29 July 2019

Evolution of Extreme Heat Risk in Cities: Interacting implications of climate change, population dynamics, and urban heat mitigation

Urban micro-climate modeling is used to investigate future exposure to heat extremes and associated energy demands at neighborhood scale.

Science

High-resolution regional climate simulations coupled with a satellite-driven urban canopy model are used to investigate the interacting effects of climate change, population growth, and urban heat mitigation measures on exposure to extreme heat events and associated energy demands.

Impact

This study sheds light on the relative importance of climate change and population dynamics in driving the evolution of extreme heat risks and associated energy demands in the cities across California by the mid-century as well as  the potential for heat mitigation measures to push them back.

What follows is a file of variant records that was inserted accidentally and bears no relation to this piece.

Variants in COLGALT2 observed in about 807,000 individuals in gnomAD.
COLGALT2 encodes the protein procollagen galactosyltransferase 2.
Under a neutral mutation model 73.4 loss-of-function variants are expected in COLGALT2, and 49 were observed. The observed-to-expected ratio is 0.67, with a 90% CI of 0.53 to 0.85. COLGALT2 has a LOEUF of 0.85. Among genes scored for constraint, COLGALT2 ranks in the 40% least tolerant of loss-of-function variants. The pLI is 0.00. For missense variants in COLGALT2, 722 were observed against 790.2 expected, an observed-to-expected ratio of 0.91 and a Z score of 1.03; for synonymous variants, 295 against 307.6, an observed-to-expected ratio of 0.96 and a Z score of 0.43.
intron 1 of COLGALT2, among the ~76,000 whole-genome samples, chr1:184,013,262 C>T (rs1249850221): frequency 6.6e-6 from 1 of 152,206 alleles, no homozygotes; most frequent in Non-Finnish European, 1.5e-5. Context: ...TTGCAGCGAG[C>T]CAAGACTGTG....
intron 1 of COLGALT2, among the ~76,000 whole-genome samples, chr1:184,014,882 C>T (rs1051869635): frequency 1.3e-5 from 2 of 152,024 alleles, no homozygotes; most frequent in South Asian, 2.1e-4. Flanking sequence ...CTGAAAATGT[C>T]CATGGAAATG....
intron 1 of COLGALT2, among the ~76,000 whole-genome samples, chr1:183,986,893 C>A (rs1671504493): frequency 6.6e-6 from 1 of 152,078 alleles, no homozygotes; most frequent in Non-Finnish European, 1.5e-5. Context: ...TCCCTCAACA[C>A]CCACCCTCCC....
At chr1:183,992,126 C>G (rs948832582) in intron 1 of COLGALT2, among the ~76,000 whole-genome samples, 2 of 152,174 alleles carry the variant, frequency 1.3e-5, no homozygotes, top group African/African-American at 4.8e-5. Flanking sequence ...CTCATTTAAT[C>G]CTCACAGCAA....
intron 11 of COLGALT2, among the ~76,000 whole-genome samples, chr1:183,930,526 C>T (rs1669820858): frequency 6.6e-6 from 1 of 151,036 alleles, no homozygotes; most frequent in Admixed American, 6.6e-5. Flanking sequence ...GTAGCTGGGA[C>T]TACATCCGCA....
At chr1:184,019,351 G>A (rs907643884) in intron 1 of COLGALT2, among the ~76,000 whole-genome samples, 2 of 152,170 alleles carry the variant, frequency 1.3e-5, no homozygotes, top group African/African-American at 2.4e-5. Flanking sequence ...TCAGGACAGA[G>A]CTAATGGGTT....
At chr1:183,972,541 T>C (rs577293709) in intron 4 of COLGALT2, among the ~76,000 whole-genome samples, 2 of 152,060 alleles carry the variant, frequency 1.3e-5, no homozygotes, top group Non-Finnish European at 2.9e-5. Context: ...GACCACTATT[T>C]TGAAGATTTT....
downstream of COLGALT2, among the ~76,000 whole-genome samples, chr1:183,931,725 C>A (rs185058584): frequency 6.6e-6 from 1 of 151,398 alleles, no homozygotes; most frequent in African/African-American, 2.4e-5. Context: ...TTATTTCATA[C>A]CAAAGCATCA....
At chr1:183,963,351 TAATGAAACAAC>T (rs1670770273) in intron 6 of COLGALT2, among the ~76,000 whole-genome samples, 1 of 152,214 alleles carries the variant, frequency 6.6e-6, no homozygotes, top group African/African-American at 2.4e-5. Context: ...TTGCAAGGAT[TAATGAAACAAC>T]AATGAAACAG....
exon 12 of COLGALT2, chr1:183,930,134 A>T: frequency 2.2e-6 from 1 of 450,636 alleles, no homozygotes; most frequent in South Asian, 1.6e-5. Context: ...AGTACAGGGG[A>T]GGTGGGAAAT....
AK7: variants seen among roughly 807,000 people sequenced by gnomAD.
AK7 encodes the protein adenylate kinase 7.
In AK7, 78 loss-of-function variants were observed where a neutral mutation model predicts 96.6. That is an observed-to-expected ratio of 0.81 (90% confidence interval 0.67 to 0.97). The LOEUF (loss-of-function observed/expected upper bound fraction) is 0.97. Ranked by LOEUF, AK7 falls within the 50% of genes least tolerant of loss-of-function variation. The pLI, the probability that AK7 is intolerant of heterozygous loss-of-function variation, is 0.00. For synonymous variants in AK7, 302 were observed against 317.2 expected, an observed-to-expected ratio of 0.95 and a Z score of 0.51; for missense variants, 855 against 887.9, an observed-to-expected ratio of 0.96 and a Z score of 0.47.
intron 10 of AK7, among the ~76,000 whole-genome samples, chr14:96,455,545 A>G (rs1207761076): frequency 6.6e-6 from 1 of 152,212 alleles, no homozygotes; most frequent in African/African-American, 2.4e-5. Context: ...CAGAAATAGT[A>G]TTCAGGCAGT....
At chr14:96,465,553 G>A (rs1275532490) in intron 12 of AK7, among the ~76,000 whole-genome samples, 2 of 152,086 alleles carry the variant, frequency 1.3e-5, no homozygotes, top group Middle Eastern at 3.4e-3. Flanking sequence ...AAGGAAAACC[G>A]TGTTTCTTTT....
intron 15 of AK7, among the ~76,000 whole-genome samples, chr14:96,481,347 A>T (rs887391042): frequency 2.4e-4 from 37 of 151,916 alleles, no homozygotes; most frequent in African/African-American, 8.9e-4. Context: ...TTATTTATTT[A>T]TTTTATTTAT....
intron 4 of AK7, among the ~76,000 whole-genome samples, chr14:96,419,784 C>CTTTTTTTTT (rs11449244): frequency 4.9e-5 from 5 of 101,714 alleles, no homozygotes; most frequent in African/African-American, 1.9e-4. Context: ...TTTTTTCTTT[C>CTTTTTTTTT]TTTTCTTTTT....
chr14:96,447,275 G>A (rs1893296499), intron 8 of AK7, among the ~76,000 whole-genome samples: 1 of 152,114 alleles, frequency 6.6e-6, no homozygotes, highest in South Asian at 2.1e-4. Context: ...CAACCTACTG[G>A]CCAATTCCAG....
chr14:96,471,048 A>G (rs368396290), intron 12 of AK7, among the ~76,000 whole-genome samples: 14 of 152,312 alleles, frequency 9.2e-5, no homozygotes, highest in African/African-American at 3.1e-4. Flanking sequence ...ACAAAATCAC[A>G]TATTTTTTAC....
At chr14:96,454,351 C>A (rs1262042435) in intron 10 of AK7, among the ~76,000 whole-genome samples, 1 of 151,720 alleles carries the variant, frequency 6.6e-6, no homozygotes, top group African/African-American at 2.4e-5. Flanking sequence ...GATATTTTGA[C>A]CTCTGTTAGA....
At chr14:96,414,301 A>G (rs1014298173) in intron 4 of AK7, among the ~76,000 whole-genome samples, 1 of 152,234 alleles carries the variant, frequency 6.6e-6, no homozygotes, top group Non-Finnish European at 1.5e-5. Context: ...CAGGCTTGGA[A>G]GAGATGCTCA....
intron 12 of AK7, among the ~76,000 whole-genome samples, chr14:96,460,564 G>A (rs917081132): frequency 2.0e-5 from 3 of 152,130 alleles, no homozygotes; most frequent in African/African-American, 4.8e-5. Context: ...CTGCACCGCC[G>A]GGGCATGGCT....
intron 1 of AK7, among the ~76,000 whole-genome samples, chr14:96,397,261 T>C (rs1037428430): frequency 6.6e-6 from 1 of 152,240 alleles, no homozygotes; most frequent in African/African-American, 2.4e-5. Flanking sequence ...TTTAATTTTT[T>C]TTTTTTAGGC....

Summary

Climate change projections suggest that, over the next few decades, extreme heat events will become more frequent and their impacts can be especially large in cities due to a high concentration of people and preexisting urban heat islands (UHIs).  Here we use California as a testbed where we employ a suite of high-resolution future regional climate simulations coupled with a satellite-driven urban canopy model and a spatially explicit population projection to investigate the interacting effects of climate change, population growth, and urban heat mitigation measures, such as cool roofs, on exposure to extreme heat events. We find that climate change and population growth reinforce one another to drive substantial increases in future exposure to heat extremes and associated energy demands for cooling buildings.  We further find that heat mitigation measure such as widespread adoption of cool roofs can substantially reduce these impacts in urban areas.

Contact
Andrew D. Jones
Lawrence Berkeley National Laboratory